the island was uninhabited, there was only the occasional
fisherman from the neighbouring islands, looking for shelter
in a storm or just resting before continuing on his journey.
would appear from old maps and descriptions that
this island was known by European cartographers
and mariners as "Pulo Bardia". The old
maps show a chain of three islands aligned north-south
and lying off the east coast of the Malay Peninsula.
The most northerly and smallest of these islands
is marked P. Bardia - the name sustained until the
early 1900s. The best map example is a map by John
Thornton from "The English Pilot, the Third
Book", dated 1701 but the specific map of the
Gulf of Siam is dated around 1677.
see maps of the East Indies by William Dampier c1697.
By modern standards of accuracy, the islands are pooly
placed on early maps. 17th century marine navigation
and cartography used the 'backstaff' which, in this
area, was accurate to one degree of longitude or around
60 nautical miles.
383 of 'The Edinburgh Gazetteer, or Geographical Dictionary'
(1822) also mentions the island and provides a geographical
position. In his 1852 book titled "Narrative of
a residence at the capital of the Kingdom of Siam"
by Frederick Arthur Neale, he describes the people and
wildlife of Bardia. According to the account there were
farms and even cows in a village on the bay lying to
the west side of the island. The book includes a fanciful
illustration of 'Bardia' showing huts and palm trees.
June 18, 1899 King Chulalongkorn visited Koh Tao and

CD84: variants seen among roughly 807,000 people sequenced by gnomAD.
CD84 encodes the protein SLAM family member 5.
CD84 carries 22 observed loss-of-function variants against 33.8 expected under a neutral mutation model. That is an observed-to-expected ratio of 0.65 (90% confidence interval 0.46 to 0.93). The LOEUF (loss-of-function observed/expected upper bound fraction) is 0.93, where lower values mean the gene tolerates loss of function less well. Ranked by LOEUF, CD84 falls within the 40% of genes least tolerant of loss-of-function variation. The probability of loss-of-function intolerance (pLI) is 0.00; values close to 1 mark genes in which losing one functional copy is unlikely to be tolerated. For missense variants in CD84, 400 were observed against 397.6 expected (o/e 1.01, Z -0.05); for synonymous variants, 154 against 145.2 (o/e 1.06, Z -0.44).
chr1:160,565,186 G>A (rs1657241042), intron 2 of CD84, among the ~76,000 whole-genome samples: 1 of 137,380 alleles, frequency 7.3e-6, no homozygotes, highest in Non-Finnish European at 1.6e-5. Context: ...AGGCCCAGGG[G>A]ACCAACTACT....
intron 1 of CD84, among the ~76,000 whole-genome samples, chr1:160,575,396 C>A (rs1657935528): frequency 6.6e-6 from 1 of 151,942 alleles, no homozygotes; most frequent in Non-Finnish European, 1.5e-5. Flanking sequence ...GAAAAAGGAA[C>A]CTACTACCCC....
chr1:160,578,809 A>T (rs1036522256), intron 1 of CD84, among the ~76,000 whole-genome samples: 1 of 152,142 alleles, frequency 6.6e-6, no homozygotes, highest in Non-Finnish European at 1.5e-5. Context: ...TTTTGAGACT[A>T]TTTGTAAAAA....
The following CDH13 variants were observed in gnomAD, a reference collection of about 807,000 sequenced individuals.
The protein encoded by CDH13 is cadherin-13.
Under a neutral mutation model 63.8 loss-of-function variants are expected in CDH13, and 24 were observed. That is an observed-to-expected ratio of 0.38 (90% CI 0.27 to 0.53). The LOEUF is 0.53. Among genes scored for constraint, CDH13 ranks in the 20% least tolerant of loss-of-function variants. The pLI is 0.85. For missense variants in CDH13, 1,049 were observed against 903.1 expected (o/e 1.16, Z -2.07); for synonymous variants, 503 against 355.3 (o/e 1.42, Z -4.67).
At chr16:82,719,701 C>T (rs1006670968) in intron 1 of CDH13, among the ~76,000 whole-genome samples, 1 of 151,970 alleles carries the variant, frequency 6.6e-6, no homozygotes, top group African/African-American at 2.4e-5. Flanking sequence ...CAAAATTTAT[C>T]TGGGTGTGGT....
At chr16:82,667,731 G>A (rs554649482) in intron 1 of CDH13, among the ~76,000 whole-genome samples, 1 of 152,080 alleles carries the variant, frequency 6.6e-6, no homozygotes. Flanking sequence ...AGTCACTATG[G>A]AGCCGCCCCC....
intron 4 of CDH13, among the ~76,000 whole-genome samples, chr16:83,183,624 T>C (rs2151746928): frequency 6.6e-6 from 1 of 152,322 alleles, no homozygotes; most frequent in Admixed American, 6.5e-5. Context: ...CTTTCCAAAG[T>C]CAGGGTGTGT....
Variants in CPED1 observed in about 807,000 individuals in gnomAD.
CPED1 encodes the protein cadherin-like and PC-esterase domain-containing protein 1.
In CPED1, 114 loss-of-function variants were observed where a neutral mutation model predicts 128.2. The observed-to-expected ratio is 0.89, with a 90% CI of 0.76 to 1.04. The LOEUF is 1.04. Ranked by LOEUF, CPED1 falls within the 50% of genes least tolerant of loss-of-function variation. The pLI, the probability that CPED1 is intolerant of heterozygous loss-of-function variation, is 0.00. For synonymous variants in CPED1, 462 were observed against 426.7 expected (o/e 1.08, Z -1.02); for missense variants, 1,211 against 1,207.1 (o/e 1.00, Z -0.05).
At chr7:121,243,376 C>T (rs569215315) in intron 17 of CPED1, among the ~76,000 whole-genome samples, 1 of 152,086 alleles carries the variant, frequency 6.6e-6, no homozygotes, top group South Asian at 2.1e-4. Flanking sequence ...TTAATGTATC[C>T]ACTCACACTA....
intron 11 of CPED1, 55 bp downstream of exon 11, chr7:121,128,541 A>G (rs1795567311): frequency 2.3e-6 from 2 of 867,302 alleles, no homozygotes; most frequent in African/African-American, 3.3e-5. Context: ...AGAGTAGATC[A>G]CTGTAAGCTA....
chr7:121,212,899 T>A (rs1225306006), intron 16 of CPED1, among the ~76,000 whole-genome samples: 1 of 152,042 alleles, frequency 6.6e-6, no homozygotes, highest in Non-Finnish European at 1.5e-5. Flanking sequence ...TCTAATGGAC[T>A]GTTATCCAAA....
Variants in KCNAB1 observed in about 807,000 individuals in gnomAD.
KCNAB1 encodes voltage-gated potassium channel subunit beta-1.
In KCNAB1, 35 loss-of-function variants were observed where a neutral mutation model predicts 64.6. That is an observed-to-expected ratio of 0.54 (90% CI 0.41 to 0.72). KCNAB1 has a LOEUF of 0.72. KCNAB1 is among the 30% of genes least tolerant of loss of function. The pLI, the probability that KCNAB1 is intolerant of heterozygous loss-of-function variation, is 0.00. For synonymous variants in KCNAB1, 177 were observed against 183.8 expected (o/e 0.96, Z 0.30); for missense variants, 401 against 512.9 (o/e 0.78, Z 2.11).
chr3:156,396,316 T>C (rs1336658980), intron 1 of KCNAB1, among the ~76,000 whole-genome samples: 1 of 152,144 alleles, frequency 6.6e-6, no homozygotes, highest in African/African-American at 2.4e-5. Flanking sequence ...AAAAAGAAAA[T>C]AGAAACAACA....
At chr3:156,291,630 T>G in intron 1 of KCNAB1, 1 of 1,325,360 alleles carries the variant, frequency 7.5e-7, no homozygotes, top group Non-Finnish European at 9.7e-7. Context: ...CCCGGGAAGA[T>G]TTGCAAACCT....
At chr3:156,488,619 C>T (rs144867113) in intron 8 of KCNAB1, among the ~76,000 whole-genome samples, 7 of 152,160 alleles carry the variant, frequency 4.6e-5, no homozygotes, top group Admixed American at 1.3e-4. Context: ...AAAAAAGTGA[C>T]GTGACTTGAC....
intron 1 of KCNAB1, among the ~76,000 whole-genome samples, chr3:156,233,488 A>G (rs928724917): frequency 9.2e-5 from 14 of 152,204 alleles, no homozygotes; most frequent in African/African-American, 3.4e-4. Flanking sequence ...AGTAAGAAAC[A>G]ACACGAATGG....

left as evidence his monogram on a huge boulder at Jor
Por Ror bay next to Sairee Beach. This place is still
1933 the island started to be used as a political prison.
In 1947 Khuang Abhaiwongse, prime minister at that time,
pleaded and received a royal pardon for all prisoners
on the island. Everybody was taken to the shore of Surat
Thani and Koh Tao was abandoned again.
the same year Khun Uaem and his brother Khun Oh
reached Koh Tao from the neighbouring Koh Phangan
by trying out their traditional sail boat, for that
time a quite long and dangerous journey. Even though
the island was still under royal patronage, it did
not stop these pioneers claiming themselves a good
part of the land on today's Sairee beach. Having
brought their families over, they began to cultivate
and harvest the excellent soil, forming the first
generation of the present-day community. They lived
a simple and tough life harvesting coconuts, fishing
and growing vegetables, which were also traded with
Koh Phangan. Despite the difficulties in reaching
the island, the population grew steadily.
the 1980s overseas travellers began to visit Koh Tao
and quickly became a popular destination. As a consequence,
bigger, faster and safer boats were used to allow easier
access to Koh Tao. In the 1990s the island became known
as a diving site.